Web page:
We have been current on all our financial obligations that were not discharged with the bankruptcy. In fact, we are currently ahead 2 months on our car payment. Lastly, I have been been at my present job for nearly 4 years with consistent raises in pay and increasing responsibilities and Nathan is pursuing a more stable career by going back to college.
What seems like a by-the-book recitation of their financial condition is actually much more personal and traumatic. These 227 words describe the hardest decision Klara and Nate ever had to make.
They summon a bankruptcy caused by $50,000 in credit card debt they’d racked up in desperation just to survive the last five hellish years since her breast cancer and mastectomy, a disease that put her through a chemo regimen so brutal that it almost killed her. They recount the subsequent nightmare of foreclosure of their first home, their dream home. They hint at their humiliation, anger, and regret.
They were written in April 2013 by a man and wife desperate for a home of their own, who had found a perfect little fixer-upper in Glidden – Klara’s beloved childhood hometown – and owned by Northwoods Credit Union, who were now lobbying that credit union to understand why they had blow up their financial life, who were hoping their credit union would help them start that life over again.
If you were the Northwoods loan officer in charge of making this credit decision, what would you do?
Before you answer, one additional detail for your consideration: Klara and Nate’s bankruptcy and foreclosure were discharged only eight months prior, in August 2012.
Now what would you do?
If your automated underwriting program could guffaw, it probably would at borrowers so foolish as to think they could get a mortgage less than a year after tanking on their previous one and accumulating nearly 10 times the national average in credit card debt.
Even if their file got kicked to you for manual decisioning, you’d be hard-pressed to approve this Z-tier paper.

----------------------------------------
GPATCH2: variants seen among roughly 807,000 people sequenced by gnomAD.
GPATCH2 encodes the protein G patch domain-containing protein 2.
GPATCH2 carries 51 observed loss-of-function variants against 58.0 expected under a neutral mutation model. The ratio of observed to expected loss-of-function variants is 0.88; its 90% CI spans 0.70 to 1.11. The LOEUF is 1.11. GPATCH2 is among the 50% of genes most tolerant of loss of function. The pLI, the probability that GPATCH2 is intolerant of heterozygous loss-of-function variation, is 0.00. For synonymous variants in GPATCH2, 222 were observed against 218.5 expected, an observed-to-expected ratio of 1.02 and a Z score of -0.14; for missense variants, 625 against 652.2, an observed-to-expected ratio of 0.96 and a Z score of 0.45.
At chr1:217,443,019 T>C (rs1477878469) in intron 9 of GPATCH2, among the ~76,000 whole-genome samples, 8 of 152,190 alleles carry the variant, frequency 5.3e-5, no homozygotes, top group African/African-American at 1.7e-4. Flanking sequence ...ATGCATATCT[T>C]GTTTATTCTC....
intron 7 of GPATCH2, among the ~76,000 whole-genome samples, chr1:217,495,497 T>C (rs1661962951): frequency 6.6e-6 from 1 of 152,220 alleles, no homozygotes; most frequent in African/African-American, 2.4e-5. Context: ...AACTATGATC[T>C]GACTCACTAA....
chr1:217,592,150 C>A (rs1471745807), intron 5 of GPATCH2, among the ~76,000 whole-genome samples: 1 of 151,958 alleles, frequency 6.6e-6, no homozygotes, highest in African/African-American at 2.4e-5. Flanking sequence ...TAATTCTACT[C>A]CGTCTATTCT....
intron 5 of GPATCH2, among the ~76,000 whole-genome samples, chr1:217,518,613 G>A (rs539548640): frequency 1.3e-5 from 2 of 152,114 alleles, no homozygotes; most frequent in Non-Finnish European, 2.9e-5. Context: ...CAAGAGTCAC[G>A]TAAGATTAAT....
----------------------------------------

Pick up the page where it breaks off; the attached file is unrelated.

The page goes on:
Before you answer, a final detail for your consideration: What if you had to write a letter like that someday to your credit union?
What would you hope your credit union would do for you and your family?
While there are no easy answers to these questions, credit unions must ask and answer them responsibly, reasonably, and compassionately. Mission becomes legacy when we look beyond tiers and scores and see, with eyes and hearts wide open, a member’s tears and scars.
The Foundation’s own research into this issue is clear:
“Much of what determines the health of an individual, family, and community relates not only to personal behaviors, but also to the conditions where people are born, live, work, and play.
These integrated and overlapping conditions – access to health services, affordable and nutritious food, safe neighborhoods, reliable transportation, quality education and job opportunities – are called social determinants of health.
If left unaddressed, social determinants of health are barriers not only to good health, but also financial well-being.”
We’re collectively learning these truths. Are they important enough to change us?
As I let these questions hang in the crisp autumn air in the middle of the unincorporated census-designated place that healed a new friend, I realize that I’ve been talking to myself and the stones.
Which is stupid, because stones don’t see, don’t listen, and don’t care.